Out of the gate, Mike Roy is giving local beer geeks exactly what the want: hops and Belgian-style beers. Big, hoppy beers were a signature of his predecessor, and they will remain a staple of the Franklin's lineup, but they won't dominate the draught list as they did. Even Mike's first hoppy beer wasn't an IPA. Instead, Mike led with his hopped Scotch-style ale, Hop Zen. Scotch ales are traditionally a favorite of the malt-head set, thanks to their sweet, rich character, but Mike adds just enough hops to not only balance the malt, but give the beer a pronounced bitterness. It's a good beer.
In a couple weeks, the Hop Zen will be followed by a double IPA he's calling Hop Madness. Here again, Mike goes a little nontraditional. Most double IPAs follow the recent craft beer trend of big alcohol bombs (not that I'm complaining), ranging anywhere from 7 percent A.B.V. (Hair of the Dog's Blue Dot) to 18 percent (Dogfish Head's 120 Minute IPA), with most imperial IPAs pushing double digit A.B.V.s. So where does Mike's Hop Madness come in? At about 8 percent. As breweries continue to wage Cold War-like campaigns to make bigger, badder beers (See BrewDog v. Schorschbraeu), Mike is rolling out a double IPA his customers can quaff a couple of without falling off their stools.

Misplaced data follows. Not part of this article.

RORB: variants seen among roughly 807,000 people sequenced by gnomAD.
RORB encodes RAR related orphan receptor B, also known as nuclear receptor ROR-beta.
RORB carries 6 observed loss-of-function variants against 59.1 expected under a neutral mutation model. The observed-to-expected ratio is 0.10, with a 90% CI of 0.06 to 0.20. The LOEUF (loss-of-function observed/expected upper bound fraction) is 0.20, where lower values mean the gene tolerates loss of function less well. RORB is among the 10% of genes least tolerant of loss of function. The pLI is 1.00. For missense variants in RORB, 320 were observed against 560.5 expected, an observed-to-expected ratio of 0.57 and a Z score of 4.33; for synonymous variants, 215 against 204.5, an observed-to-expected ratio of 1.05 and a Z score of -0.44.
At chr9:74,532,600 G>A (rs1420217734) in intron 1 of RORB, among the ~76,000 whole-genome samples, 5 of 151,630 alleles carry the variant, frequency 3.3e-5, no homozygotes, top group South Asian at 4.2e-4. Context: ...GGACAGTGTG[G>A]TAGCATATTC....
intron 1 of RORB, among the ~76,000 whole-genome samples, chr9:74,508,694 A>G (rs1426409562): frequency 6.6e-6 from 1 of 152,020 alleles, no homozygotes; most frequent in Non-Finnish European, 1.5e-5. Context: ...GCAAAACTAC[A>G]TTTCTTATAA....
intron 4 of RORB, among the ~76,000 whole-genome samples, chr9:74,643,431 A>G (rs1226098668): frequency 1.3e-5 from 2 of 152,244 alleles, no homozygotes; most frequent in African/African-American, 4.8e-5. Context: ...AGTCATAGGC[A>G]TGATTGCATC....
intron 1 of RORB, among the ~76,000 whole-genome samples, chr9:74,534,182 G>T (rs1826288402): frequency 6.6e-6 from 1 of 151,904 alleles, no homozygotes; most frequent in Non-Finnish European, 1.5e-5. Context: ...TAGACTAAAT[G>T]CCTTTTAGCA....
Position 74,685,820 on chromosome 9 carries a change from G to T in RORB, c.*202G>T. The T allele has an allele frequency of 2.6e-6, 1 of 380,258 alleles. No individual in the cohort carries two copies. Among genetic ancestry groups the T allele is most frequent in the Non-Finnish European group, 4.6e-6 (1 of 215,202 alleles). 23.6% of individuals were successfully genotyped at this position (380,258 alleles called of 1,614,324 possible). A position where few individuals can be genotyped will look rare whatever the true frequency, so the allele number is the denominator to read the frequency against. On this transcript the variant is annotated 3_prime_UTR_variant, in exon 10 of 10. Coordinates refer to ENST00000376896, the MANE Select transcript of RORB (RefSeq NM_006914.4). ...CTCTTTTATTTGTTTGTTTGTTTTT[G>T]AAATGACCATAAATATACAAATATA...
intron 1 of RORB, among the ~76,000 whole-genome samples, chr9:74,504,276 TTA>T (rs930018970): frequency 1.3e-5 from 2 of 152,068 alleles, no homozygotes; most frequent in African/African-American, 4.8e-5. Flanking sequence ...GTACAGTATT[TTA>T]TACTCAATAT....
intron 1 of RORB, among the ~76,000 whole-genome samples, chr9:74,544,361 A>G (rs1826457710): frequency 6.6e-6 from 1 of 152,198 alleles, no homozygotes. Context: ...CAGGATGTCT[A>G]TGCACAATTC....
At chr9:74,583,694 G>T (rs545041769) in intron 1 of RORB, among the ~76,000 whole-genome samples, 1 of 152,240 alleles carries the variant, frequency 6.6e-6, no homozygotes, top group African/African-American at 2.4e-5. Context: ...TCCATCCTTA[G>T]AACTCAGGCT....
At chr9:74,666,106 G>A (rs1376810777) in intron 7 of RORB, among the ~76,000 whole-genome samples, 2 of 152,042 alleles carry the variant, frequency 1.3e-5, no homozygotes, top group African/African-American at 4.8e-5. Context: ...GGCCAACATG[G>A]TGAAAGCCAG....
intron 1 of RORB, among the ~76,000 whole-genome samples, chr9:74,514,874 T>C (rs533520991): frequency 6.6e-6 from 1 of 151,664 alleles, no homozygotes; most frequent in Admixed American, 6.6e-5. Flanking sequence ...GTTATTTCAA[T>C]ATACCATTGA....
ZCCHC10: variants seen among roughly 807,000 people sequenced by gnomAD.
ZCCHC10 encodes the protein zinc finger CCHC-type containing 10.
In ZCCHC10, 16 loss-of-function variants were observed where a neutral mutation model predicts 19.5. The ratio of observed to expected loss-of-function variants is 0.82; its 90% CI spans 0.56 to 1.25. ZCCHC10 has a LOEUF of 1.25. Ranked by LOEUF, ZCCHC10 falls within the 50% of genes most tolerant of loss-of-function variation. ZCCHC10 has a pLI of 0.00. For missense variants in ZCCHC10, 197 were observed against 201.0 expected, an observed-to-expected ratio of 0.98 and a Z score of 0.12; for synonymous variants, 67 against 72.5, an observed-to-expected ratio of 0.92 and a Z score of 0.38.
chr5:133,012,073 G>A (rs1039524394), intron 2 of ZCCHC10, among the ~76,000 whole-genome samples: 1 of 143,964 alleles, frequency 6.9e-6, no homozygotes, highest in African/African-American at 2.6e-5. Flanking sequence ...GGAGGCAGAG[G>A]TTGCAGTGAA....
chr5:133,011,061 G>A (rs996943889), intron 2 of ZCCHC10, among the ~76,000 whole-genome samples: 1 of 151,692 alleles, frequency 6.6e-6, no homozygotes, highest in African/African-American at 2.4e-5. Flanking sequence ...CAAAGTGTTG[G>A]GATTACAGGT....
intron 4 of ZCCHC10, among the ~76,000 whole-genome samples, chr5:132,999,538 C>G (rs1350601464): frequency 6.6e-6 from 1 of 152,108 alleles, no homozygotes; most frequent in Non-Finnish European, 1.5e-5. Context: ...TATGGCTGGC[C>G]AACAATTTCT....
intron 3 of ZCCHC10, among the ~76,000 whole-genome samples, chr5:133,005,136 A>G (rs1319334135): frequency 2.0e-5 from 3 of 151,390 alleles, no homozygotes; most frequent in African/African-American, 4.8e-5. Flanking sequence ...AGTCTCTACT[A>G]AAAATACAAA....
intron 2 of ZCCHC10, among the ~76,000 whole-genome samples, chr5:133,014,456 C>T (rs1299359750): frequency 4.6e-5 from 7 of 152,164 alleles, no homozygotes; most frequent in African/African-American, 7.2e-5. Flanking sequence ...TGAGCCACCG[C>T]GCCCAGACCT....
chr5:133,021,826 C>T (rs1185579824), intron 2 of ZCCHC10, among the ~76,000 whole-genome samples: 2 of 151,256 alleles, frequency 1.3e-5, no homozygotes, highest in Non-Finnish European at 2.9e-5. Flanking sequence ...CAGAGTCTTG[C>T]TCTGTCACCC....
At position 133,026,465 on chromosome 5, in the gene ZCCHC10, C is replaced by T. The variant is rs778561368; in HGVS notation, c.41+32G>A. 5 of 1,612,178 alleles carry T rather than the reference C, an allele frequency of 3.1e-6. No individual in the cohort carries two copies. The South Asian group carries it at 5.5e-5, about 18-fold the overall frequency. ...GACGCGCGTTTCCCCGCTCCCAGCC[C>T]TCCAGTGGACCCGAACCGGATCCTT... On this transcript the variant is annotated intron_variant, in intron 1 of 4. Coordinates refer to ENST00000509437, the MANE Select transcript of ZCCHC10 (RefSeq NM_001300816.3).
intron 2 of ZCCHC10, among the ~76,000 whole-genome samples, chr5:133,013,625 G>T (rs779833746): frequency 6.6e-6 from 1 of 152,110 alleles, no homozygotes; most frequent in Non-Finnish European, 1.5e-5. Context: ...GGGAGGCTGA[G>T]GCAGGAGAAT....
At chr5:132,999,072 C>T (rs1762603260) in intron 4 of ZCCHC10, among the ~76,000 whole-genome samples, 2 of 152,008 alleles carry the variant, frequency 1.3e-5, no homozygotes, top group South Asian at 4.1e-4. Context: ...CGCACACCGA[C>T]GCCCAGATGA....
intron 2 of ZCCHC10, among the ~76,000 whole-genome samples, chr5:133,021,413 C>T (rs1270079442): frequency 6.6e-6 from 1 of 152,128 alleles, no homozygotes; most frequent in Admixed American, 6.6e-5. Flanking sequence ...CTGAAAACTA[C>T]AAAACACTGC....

During our interview, Mike gave me a sneak peak of the double (yeah, it's a good gig). While the beer is still a couple weeks from finishing, the flavors were all there. The bitter Columbus hops were braced with a dark, caramel malt, and the Simcoe buds gave the beer a beautiful citrus, hoppy nose and taste. It's going to be a good beer.
In addition to the hoppy beers, Mike has brewed a couple Belgian-style ales, Golden Opportunity and Dubbel Vision. If anything, this is the style Mike plans to use to make his name. Golden Opportunity is a 6.5 percent Belgian-style golden ale that's a little sweet and fruity, with the tell-tale clove notes and enough carbonation to give the beer some bite. Dubbel Vision, a Belgian-style dubbel, is richer than the golden ale, with a slightly molasses-like character, but only bit higher in alcohol 6.8 percent A.B.V. Of the five beers Mike has on draught now (there's also a red ale, dry stout and a porter) these two Belgian-style ales are his best. (If you're keeping score, Mike has made a golden ale and a dubbel. So yes, a Belgian-style triple is on the way. One day, that triple might be available by the bottle in Franklin's General Store.)